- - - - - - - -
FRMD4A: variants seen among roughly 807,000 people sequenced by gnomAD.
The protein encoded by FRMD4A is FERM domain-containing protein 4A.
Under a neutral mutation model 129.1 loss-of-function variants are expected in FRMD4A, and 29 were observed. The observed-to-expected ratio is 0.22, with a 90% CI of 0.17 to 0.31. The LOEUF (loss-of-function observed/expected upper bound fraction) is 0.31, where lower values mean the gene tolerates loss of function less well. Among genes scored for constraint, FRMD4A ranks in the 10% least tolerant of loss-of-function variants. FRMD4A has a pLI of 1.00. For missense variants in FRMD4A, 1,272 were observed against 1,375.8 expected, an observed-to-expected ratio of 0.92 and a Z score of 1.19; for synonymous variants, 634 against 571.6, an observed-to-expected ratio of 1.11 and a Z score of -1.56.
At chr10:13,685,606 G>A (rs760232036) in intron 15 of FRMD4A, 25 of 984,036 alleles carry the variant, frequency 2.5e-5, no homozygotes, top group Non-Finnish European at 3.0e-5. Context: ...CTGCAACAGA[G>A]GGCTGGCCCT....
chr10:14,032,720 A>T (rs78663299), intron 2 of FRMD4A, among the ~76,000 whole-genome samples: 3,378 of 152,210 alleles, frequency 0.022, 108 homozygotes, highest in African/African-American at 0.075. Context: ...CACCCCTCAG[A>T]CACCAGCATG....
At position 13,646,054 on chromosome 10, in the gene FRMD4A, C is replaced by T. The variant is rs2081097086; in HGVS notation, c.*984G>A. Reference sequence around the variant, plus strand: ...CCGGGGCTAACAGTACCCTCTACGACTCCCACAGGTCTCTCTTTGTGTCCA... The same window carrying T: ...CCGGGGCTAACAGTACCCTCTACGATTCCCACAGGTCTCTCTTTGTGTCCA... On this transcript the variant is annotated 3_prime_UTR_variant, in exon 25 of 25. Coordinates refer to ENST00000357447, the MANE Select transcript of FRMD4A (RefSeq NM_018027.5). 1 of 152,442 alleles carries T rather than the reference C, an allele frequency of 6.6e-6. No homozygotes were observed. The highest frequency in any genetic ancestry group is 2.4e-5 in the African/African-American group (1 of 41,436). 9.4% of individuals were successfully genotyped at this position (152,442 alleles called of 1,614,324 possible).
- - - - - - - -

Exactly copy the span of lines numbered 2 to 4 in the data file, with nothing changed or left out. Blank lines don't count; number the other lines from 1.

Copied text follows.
The protein encoded by FRMD4A is FERM domain-containing protein 4A.
Under a neutral mutation model 129.1 loss-of-function variants are expected in FRMD4A, and 29 were observed. The observed-to-expected ratio is 0.22, with a 90% CI of 0.17 to 0.31. The LOEUF (loss-of-function observed/expected upper bound fraction) is 0.31, where lower values mean the gene tolerates loss of function less well. Among genes scored for constraint, FRMD4A ranks in the 10% least tolerant of loss-of-function variants. FRMD4A has a pLI of 1.00. For missense variants in FRMD4A, 1,272 were observed against 1,375.8 expected, an observed-to-expected ratio of 0.92 and a Z score of 1.19; for synonymous variants, 634 against 571.6, an observed-to-expected ratio of 1.11 and a Z score of -1.56.
At chr10:13,685,606 G>A (rs760232036) in intron 15 of FRMD4A, 25 of 984,036 alleles carry the variant, frequency 2.5e-5, no homozygotes, top group Non-Finnish European at 3.0e-5. Context: ...CTGCAACAGA[G>A]GGCTGGCCCT....